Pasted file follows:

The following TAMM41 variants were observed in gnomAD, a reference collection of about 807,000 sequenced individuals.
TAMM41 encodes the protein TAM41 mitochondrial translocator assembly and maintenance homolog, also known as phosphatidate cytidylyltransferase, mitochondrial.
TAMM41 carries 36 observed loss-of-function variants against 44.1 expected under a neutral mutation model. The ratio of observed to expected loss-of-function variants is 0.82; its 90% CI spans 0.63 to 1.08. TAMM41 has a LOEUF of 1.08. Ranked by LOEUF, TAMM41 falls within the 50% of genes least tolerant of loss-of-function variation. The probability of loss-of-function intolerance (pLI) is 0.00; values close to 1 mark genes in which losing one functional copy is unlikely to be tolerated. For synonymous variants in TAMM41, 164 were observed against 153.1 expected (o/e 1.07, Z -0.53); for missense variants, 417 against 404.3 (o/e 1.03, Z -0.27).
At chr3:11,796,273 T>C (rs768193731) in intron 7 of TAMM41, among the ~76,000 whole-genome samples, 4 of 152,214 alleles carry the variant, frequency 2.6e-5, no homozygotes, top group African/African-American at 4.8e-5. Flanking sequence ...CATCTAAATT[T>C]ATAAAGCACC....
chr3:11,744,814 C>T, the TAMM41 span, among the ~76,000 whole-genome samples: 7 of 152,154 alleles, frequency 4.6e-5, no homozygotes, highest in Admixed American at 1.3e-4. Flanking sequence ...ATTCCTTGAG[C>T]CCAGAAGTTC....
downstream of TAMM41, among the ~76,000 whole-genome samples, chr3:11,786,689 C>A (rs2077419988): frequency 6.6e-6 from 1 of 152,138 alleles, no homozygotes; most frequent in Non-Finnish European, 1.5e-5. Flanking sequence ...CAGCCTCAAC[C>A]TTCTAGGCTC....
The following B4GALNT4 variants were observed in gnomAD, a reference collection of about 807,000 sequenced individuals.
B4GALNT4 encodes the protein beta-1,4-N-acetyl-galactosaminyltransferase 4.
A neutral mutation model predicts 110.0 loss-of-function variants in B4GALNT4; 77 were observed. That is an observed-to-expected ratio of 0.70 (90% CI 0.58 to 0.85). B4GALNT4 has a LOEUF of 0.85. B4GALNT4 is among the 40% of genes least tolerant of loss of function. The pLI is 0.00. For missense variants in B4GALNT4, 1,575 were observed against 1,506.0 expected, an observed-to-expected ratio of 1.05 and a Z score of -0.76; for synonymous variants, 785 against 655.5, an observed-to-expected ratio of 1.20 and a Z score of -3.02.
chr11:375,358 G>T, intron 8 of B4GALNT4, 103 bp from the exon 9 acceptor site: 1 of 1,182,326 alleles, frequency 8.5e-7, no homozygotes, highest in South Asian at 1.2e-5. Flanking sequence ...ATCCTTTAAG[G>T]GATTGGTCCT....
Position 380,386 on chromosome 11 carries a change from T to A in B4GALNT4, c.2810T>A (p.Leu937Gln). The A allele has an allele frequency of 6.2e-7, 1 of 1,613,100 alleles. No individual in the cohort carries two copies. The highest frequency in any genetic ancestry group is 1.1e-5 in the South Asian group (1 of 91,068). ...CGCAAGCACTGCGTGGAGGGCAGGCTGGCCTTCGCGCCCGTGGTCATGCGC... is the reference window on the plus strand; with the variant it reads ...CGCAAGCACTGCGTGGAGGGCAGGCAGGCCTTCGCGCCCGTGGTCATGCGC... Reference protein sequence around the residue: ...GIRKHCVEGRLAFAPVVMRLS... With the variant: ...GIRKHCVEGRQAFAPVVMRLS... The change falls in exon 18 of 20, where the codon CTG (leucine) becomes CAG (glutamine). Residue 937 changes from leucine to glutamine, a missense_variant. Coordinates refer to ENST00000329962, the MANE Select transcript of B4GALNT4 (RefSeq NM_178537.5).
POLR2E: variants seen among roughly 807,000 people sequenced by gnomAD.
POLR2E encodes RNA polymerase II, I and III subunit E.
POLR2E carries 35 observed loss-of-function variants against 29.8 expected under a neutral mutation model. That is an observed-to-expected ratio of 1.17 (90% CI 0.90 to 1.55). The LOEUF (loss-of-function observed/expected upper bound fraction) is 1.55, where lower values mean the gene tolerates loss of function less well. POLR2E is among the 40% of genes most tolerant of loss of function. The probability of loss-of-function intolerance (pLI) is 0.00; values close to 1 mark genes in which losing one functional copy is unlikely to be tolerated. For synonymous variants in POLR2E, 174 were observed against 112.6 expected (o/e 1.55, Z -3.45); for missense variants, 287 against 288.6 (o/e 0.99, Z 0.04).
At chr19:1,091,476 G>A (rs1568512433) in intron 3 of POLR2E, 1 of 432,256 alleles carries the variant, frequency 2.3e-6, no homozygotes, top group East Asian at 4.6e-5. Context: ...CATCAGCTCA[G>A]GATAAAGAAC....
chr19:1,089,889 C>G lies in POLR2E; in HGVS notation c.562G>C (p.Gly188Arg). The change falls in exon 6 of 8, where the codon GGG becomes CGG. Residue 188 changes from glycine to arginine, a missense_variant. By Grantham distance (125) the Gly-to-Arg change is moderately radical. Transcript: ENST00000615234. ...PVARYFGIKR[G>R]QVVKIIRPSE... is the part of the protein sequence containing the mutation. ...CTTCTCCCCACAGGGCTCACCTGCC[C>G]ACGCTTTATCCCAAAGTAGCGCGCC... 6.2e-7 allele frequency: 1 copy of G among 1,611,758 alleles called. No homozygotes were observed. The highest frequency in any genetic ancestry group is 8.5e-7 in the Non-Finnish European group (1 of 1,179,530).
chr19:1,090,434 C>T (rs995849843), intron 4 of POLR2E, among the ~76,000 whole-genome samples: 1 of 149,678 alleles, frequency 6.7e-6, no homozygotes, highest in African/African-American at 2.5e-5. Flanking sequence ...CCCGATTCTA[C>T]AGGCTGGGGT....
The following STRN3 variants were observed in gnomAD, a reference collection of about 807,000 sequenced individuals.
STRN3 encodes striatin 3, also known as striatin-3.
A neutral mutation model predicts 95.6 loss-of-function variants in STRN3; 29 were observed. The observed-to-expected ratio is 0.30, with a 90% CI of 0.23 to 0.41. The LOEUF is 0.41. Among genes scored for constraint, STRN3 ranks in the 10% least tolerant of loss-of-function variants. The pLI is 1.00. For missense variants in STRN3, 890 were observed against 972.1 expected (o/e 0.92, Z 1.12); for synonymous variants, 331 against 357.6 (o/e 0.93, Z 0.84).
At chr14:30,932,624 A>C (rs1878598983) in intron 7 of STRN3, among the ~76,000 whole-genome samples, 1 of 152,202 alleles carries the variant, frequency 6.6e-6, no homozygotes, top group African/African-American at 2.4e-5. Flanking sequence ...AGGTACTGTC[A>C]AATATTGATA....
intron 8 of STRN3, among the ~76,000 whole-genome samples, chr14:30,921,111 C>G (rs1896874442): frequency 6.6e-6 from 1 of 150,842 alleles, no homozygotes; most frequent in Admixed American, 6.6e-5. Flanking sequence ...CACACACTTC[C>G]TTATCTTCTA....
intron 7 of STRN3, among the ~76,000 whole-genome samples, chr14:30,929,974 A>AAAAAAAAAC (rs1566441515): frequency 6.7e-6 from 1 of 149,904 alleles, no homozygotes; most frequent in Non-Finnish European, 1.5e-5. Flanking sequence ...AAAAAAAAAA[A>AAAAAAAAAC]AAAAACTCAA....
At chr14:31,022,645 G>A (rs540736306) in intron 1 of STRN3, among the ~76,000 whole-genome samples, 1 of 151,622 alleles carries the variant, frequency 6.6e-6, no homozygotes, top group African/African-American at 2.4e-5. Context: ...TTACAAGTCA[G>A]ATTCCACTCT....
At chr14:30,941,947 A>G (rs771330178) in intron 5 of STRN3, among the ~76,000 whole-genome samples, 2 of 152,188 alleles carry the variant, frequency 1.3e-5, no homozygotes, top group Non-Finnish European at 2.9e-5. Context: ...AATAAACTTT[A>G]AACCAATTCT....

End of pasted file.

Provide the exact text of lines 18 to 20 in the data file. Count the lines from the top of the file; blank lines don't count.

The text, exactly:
The following STRN3 variants were observed in gnomAD, a reference collection of about 807,000 sequenced individuals.
STRN3 encodes striatin 3, also known as striatin-3.
A neutral mutation model predicts 95.6 loss-of-function variants in STRN3; 29 were observed. The observed-to-expected ratio is 0.30, with a 90% CI of 0.23 to 0.41. The LOEUF is 0.41. Among genes scored for constraint, STRN3 ranks in the 10% least tolerant of loss-of-function variants. The pLI is 1.00. For missense variants in STRN3, 890 were observed against 972.1 expected (o/e 0.92, Z 1.12); for synonymous variants, 331 against 357.6 (o/e 0.93, Z 0.84).